• E-mail If all of the above methods fail, you can reach me via mail (instructor's name@tufts.edu). This e-mail address is loosely monitored and should NOT be used for urgent issues. Any of the above methods are better methods are a much to get a faster response.

One page syllabus

We summarized the most important information of this webpage into a 1 page PDF. You can download it in this link. Make sure to print it and carry it around with you.

How to write proofs

We also did a short summary containing the key points on how to write proofs. You can download it in this link. In addition to our guide, there are tons of similar guides in the web. We encourage you to look around for those resources whenever you have some time.

Textbook:


Course tools:


Tips for doing well in this course:

  • Come to class! Don't expect that all you need to do is show up and simply soak in information. Lectures should serve as an introduction to material, which you should further study on your own later. If you find that the in-class pace is too fast, consider reading some basic material beforehand.
  • Taking extensive notes in class works well for some people, but keep in mind that all class notes displayed are already available to you. Consider bringing a printout of the condensed notes to class. Then you can mark your own observations, clarifications and questions quickly, and spend more time paying attention.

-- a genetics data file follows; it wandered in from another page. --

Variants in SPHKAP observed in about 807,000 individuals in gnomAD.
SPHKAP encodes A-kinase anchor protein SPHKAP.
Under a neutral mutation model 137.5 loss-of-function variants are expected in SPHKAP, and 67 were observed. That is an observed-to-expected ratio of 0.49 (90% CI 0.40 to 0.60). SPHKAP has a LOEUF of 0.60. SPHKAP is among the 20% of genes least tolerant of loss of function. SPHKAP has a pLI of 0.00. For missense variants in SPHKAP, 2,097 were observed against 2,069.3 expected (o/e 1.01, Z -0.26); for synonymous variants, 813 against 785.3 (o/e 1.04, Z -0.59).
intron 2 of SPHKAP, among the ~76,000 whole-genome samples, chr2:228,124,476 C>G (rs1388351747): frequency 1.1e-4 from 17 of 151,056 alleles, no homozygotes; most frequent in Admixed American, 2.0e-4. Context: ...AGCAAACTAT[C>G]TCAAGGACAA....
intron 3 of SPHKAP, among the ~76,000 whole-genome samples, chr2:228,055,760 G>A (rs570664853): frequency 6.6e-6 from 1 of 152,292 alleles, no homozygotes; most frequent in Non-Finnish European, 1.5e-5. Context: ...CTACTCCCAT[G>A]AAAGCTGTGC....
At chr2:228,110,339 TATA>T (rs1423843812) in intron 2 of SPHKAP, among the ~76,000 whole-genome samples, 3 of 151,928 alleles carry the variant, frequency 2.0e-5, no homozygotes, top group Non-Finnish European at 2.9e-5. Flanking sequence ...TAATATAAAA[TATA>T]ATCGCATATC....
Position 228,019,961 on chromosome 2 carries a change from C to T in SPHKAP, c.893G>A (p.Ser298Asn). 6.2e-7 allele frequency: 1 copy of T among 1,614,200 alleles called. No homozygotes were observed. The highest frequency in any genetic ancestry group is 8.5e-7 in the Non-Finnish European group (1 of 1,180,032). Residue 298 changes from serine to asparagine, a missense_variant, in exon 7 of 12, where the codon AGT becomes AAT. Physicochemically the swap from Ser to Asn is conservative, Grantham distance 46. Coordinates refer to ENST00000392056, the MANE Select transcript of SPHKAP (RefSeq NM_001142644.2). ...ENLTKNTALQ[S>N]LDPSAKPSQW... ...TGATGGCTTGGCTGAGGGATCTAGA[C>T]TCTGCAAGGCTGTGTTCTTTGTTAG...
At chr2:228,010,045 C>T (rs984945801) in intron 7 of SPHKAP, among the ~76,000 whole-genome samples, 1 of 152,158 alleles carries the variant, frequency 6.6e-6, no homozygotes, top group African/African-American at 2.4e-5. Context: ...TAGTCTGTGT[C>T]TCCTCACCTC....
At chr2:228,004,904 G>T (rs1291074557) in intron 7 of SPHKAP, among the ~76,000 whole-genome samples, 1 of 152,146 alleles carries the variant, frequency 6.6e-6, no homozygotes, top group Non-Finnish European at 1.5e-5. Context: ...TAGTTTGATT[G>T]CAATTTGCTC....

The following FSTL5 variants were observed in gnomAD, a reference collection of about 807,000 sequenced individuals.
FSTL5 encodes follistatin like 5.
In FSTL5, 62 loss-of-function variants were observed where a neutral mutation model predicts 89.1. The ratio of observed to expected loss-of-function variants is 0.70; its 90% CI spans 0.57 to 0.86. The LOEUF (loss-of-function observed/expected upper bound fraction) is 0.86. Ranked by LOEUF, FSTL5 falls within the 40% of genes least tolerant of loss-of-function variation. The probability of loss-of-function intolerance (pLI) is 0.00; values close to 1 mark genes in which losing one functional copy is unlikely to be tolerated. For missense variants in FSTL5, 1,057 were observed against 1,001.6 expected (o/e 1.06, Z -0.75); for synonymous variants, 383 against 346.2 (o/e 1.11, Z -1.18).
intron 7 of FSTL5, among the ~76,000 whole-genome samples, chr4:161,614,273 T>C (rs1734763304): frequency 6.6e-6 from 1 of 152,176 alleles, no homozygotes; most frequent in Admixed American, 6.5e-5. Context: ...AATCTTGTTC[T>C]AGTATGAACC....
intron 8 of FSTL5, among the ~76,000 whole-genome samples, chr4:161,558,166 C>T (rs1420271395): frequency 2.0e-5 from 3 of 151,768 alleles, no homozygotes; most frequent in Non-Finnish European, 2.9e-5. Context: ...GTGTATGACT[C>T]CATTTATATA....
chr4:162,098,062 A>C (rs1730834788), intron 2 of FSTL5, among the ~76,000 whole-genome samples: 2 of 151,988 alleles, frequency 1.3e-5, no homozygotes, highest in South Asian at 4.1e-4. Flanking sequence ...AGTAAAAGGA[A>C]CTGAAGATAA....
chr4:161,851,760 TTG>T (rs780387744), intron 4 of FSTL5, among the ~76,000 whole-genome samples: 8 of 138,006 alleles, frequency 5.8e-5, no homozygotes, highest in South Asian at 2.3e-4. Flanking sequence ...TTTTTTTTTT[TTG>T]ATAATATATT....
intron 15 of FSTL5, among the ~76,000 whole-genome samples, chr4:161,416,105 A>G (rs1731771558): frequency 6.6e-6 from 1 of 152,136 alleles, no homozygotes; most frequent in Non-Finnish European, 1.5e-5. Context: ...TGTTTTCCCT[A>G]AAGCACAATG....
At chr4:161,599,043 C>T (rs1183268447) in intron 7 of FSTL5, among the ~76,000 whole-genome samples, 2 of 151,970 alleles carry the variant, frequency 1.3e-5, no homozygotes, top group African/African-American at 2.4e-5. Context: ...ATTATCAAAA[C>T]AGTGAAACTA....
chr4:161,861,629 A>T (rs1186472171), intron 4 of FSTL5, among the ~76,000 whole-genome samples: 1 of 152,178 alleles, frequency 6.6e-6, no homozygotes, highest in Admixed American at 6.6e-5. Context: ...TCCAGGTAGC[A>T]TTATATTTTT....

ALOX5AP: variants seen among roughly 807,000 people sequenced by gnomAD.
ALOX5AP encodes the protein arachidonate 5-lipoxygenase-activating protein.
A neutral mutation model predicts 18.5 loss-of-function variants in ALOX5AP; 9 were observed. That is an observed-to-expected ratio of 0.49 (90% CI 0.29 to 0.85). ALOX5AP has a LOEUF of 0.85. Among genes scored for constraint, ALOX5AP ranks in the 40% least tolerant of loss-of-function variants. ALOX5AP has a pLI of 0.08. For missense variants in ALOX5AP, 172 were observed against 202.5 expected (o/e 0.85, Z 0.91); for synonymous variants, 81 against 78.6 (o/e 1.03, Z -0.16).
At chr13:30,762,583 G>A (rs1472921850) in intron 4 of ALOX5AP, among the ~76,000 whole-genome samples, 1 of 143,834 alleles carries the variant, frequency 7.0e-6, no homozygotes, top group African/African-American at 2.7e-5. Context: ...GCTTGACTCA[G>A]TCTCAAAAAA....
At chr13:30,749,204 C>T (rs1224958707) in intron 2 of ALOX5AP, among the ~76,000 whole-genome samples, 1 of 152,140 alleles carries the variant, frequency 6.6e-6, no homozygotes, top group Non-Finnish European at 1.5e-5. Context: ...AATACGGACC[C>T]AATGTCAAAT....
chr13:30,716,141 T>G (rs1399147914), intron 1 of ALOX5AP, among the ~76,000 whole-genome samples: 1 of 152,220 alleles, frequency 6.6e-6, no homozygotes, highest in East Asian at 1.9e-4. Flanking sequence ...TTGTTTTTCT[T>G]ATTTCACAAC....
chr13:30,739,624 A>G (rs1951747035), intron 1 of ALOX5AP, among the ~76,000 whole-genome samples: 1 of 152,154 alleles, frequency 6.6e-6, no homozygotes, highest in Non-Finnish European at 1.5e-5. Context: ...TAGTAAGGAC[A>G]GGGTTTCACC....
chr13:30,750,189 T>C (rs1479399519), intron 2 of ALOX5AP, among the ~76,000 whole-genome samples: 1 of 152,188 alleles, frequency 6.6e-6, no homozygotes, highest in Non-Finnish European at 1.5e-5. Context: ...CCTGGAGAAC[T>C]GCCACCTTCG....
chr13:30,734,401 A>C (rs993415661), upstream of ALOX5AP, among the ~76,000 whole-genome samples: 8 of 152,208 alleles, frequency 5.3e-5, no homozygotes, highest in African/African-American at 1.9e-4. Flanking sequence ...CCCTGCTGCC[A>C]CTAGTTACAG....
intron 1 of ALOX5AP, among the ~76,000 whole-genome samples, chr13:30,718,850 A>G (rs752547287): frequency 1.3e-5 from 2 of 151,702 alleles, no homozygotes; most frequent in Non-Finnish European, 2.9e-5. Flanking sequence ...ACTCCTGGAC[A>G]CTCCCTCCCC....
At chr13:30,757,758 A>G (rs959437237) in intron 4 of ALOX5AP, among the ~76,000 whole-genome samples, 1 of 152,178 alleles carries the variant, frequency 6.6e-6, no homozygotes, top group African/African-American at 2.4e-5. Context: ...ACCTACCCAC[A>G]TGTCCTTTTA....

• When studying, try to re-prove things. Derive on your own, rather than verifying what is written. When you simply verify what's there, it is easy to overestimate what you've understood.
  • Don't cram. The most common reason students don't do well on the exams in this course is that they think they can learn the material for an exam in two days.
  • Spend time on this course regularly. It is a core course in the CS department. You would be spending as much time on this course as with other critical courses (such as comp40). Rather than programming, you should spend an equivalent amount of time exploring and mastering the theoretical concepts you're presented with. Many students underestimate how much time is required to truly understand some of these topics.
  • Use all resources available: class notes, the summary PDF document at the top of the Reading page, the videos, the book, the web. Practice problems from the book, starting with the more basic ones. In many cases you can make your own practice problems (e.g. draw an arbitrary graph and find shortest paths).
  • As much as possible, don't memorize. Instead, understand.
  • Pretend that you will have to teach the material that you're reading, to 100 people.

Expected Work: